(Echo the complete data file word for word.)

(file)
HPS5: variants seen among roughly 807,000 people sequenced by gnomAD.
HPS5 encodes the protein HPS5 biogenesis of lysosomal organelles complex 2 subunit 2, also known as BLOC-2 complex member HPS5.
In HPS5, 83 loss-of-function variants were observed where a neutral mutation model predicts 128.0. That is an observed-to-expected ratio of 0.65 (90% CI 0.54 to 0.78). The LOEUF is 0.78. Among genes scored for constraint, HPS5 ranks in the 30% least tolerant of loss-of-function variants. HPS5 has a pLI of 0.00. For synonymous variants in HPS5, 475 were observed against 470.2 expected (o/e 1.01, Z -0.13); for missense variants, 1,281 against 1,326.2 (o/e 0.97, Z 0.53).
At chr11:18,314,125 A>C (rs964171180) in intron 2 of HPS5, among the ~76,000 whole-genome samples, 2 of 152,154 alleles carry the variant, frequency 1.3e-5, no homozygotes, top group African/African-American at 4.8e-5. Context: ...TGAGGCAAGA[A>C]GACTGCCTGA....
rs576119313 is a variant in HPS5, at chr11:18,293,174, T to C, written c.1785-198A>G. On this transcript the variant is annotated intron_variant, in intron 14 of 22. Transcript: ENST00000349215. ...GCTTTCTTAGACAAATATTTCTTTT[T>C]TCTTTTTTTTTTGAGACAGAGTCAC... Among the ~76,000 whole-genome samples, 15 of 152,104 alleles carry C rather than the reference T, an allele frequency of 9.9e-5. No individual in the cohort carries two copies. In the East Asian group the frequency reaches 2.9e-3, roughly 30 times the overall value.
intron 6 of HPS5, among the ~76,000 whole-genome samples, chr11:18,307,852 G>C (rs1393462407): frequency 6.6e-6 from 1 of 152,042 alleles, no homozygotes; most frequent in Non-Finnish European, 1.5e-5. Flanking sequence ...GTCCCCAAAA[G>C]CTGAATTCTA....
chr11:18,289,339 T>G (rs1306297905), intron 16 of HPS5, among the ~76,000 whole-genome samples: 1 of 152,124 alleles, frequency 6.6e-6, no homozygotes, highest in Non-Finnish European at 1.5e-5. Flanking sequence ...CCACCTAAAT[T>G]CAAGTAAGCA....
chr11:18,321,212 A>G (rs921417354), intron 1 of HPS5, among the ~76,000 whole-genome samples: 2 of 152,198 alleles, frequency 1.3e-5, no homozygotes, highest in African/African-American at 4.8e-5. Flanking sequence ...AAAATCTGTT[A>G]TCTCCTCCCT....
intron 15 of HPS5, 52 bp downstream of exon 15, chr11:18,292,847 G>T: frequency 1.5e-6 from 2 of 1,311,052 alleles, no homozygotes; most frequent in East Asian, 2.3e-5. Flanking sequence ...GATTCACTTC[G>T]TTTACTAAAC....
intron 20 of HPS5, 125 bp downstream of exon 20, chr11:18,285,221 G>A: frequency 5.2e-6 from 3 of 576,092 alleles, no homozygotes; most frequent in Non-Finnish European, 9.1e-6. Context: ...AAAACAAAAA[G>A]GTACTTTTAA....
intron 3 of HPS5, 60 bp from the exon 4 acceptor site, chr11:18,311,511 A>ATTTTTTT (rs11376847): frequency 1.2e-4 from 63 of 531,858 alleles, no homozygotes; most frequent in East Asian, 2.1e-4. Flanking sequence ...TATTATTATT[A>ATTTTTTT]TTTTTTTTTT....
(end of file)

HPS5: variants seen among roughly 807,000 people sequenced by gnomAD.
HPS5 encodes the protein HPS5 biogenesis of lysosomal organelles complex 2 subunit 2, also known as BLOC-2 complex member HPS5.
In HPS5, 83 loss-of-function variants were observed where a neutral mutation model predicts 128.0. That is an observed-to-expected ratio of 0.65 (90% CI 0.54 to 0.78). The LOEUF is 0.78. Among genes scored for constraint, HPS5 ranks in the 30% least tolerant of loss-of-function variants. HPS5 has a pLI of 0.00. For synonymous variants in HPS5, 475 were observed against 470.2 expected (o/e 1.01, Z -0.13); for missense variants, 1,281 against 1,326.2 (o/e 0.97, Z 0.53).
At chr11:18,314,125 A>C (rs964171180) in intron 2 of HPS5, among the ~76,000 whole-genome samples, 2 of 152,154 alleles carry the variant, frequency 1.3e-5, no homozygotes, top group African/African-American at 4.8e-5. Context: ...TGAGGCAAGA[A>C]GACTGCCTGA....
rs576119313 is a variant in HPS5, at chr11:18,293,174, T to C, written c.1785-198A>G. On this transcript the variant is annotated intron_variant, in intron 14 of 22. Transcript: ENST00000349215. ...GCTTTCTTAGACAAATATTTCTTTT[T>C]TCTTTTTTTTTTGAGACAGAGTCAC... Among the ~76,000 whole-genome samples, 15 of 152,104 alleles carry C rather than the reference T, an allele frequency of 9.9e-5. No individual in the cohort carries two copies. In the East Asian group the frequency reaches 2.9e-3, roughly 30 times the overall value.
intron 6 of HPS5, among the ~76,000 whole-genome samples, chr11:18,307,852 G>C (rs1393462407): frequency 6.6e-6 from 1 of 152,042 alleles, no homozygotes; most frequent in Non-Finnish European, 1.5e-5. Flanking sequence ...GTCCCCAAAA[G>C]CTGAATTCTA....
chr11:18,289,339 T>G (rs1306297905), intron 16 of HPS5, among the ~76,000 whole-genome samples: 1 of 152,124 alleles, frequency 6.6e-6, no homozygotes, highest in Non-Finnish European at 1.5e-5. Flanking sequence ...CCACCTAAAT[T>G]CAAGTAAGCA....
chr11:18,321,212 A>G (rs921417354), intron 1 of HPS5, among the ~76,000 whole-genome samples: 2 of 152,198 alleles, frequency 1.3e-5, no homozygotes, highest in African/African-American at 4.8e-5. Flanking sequence ...AAAATCTGTT[A>G]TCTCCTCCCT....
intron 15 of HPS5, 52 bp downstream of exon 15, chr11:18,292,847 G>T: frequency 1.5e-6 from 2 of 1,311,052 alleles, no homozygotes; most frequent in East Asian, 2.3e-5. Flanking sequence ...GATTCACTTC[G>T]TTTACTAAAC....
intron 20 of HPS5, 125 bp downstream of exon 20, chr11:18,285,221 G>A: frequency 5.2e-6 from 3 of 576,092 alleles, no homozygotes; most frequent in Non-Finnish European, 9.1e-6. Context: ...AAAACAAAAA[G>A]GTACTTTTAA....
intron 3 of HPS5, 60 bp from the exon 4 acceptor site, chr11:18,311,511 A>ATTTTTTT (rs11376847): frequency 1.2e-4 from 63 of 531,858 alleles, no homozygotes; most frequent in East Asian, 2.1e-4. Flanking sequence ...TATTATTATT[A>ATTTTTTT]TTTTTTTTTT....